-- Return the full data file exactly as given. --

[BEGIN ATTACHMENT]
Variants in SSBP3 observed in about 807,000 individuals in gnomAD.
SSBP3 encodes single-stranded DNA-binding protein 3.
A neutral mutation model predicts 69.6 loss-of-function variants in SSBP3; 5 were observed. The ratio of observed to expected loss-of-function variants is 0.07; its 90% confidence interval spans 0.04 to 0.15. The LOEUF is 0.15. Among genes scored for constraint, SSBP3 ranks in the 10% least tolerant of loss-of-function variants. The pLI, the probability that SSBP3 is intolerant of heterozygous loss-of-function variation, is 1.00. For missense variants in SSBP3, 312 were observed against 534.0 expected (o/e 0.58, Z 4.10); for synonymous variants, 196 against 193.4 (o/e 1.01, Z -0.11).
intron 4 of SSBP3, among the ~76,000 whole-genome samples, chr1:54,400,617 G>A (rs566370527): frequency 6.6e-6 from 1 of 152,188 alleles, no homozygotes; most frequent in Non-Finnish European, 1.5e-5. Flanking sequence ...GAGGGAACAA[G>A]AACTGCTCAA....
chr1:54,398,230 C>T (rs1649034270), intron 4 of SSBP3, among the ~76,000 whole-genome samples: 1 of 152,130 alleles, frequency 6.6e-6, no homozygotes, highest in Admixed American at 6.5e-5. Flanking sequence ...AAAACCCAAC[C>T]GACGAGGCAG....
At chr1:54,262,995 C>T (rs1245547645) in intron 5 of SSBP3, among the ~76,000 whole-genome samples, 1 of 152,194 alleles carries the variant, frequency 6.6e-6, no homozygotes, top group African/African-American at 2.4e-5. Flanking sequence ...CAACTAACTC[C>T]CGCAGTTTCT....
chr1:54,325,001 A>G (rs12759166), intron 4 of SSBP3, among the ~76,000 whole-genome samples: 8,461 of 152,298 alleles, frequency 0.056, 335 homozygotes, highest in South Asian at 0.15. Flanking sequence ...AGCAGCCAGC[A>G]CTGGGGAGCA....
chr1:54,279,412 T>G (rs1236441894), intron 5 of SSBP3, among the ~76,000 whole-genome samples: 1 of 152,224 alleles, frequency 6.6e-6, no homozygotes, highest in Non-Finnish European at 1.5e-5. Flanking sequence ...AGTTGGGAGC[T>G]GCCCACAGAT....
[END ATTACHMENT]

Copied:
Variants in SSBP3 observed in about 807,000 individuals in gnomAD.
SSBP3 encodes single-stranded DNA-binding protein 3.
A neutral mutation model predicts 69.6 loss-of-function variants in SSBP3; 5 were observed. The ratio of observed to expected loss-of-function variants is 0.07; its 90% confidence interval spans 0.04 to 0.15. The LOEUF is 0.15. Among genes scored for constraint, SSBP3 ranks in the 10% least tolerant of loss-of-function variants. The pLI, the probability that SSBP3 is intolerant of heterozygous loss-of-function variation, is 1.00. For missense variants in SSBP3, 312 were observed against 534.0 expected (o/e 0.58, Z 4.10); for synonymous variants, 196 against 193.4 (o/e 1.01, Z -0.11).
intron 4 of SSBP3, among the ~76,000 whole-genome samples, chr1:54,400,617 G>A (rs566370527): frequency 6.6e-6 from 1 of 152,188 alleles, no homozygotes; most frequent in Non-Finnish European, 1.5e-5. Flanking sequence ...GAGGGAACAA[G>A]AACTGCTCAA....
chr1:54,398,230 C>T (rs1649034270), intron 4 of SSBP3, among the ~76,000 whole-genome samples: 1 of 152,130 alleles, frequency 6.6e-6, no homozygotes, highest in Admixed American at 6.5e-5. Flanking sequence ...AAAACCCAAC[C>T]GACGAGGCAG....
At chr1:54,262,995 C>T (rs1245547645) in intron 5 of SSBP3, among the ~76,000 whole-genome samples, 1 of 152,194 alleles carries the variant, frequency 6.6e-6, no homozygotes, top group African/African-American at 2.4e-5. Flanking sequence ...CAACTAACTC[C>T]CGCAGTTTCT....
chr1:54,325,001 A>G (rs12759166), intron 4 of SSBP3, among the ~76,000 whole-genome samples: 8,461 of 152,298 alleles, frequency 0.056, 335 homozygotes, highest in South Asian at 0.15. Flanking sequence ...AGCAGCCAGC[A>G]CTGGGGAGCA....
chr1:54,279,412 T>G (rs1236441894), intron 5 of SSBP3, among the ~76,000 whole-genome samples: 1 of 152,224 alleles, frequency 6.6e-6, no homozygotes, highest in Non-Finnish European at 1.5e-5. Flanking sequence ...AGTTGGGAGC[T>G]GCCCACAGAT....